How does Google Workspace keep you safe?

Google Workspace security lives by a set of well-defined principles that it follows meticulously”.

The Google Security Bible:

1) Respect our users. Respect their privacy:
We believe these ideas are inseparable. Together, they represent a single, core belief that has influenced everything we’ve made since day one, and everything we’ll make moving forward. When people use our products, they trust us with their information, and it’s our job to do right by them. This means always being thoughtful about what data we use, how we use it, and how we protect it.

2) Be clear about what data we collect and why:
To help people make informed decisions about how they use Google products, we make it easy to understand what data we collect, how it’s used, and why. Being transparent means making this information readily available, understandable, and actionable.

3) Never sell our users’ personal information to anyone:
We use data to make Google products like Search and Maps as useful as possible. We also use data to serve more relevant ads. While these ads help fund our services and make them free for everyone, it’s important to clarify that our users’ personal information is simply not for sale.

4) Make it easy for people to control their privacy:
When it comes to privacy, we know one size doesn’t fit all. Every Google Account is built with on/off data controls, so our users can choose the privacy settings that are right for them. And as technology evolves, our privacy controls evolve as well, ensuring that privacy is always an individual choice that belongs to the user.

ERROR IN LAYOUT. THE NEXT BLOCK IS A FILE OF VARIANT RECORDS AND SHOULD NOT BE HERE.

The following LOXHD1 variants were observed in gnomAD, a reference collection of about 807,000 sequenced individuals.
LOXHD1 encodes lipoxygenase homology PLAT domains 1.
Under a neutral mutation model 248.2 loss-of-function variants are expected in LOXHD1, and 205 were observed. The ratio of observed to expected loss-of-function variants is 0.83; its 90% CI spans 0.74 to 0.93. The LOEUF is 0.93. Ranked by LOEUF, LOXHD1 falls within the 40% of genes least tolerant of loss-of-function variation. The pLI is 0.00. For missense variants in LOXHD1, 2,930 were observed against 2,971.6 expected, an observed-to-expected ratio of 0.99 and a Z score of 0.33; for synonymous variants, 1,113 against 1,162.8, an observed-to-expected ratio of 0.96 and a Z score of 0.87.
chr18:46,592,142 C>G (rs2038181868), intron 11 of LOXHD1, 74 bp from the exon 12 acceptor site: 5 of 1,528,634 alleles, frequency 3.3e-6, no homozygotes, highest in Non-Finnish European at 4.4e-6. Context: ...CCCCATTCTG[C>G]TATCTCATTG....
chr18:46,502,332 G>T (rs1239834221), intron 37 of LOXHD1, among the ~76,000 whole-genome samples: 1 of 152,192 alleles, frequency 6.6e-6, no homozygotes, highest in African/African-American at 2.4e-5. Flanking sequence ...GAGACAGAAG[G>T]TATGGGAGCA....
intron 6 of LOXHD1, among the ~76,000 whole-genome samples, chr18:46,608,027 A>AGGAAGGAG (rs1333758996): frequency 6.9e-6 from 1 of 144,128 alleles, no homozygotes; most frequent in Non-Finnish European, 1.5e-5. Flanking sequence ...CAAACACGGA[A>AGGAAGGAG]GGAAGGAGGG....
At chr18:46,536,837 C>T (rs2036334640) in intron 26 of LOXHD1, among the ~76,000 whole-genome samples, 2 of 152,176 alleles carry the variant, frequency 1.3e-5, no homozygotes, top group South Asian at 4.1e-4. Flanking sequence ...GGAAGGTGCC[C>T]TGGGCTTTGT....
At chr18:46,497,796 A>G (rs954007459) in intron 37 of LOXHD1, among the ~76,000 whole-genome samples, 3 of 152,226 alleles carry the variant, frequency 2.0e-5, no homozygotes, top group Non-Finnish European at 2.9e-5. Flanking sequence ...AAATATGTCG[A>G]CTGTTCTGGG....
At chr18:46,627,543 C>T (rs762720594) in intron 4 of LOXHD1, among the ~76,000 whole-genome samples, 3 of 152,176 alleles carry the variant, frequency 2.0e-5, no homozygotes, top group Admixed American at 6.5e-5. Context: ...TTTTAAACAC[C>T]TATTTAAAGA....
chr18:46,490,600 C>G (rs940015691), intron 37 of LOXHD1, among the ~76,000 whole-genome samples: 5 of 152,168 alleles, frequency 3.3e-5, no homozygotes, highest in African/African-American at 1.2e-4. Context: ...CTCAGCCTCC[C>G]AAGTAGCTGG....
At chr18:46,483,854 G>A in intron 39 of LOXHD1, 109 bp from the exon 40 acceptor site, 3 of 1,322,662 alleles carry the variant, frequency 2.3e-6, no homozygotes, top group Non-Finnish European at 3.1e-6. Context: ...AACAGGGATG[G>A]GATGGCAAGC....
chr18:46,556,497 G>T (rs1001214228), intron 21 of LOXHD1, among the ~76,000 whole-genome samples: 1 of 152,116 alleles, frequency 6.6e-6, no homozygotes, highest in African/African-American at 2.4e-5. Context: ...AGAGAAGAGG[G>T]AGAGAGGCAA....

5) Empower people to review, move or delete their data:
We believe every user should have access to the personal information they’ve shared with us – anytime and for any reason. That’s why we continue to make it easier for people to access and review their data, download and move it to another service if they want, or delete it entirely.

6) Build the strongest security technologies into our products:
Respecting the privacy of our users means protecting the data they trust us with. To keep every Google product and service secure for our users, we engineer and employ one of the most advanced security infrastructures in the world. This means constantly strengthening our built-in security technologies to detect and protect against evolving online threats, before they ever reach our users.

7) Lead by example to advance online security for all:
Keeping users safe online doesn’t stop with Google – it extends to the whole internet. Google was the first company to create many of the security standards we all use today, and we continue to innovate new security technologies that can be used by everyone. We share our security learnings, experiences, and tools with partners, organizations, and competitors around the world, because internet-wide security demands industry-wide collaboration.

As one of the largest business-tool platforms in the world, Google stays leaps and bounds ahead of the threat-matrix, but that does not mean that a breach is impossible. Cyber criminals spend a massive amount of resources looking for ways to defeat new cyber defenses as they emerge. This is a Cat-and-Mouse game that never ends, and these mice are fast and crafty.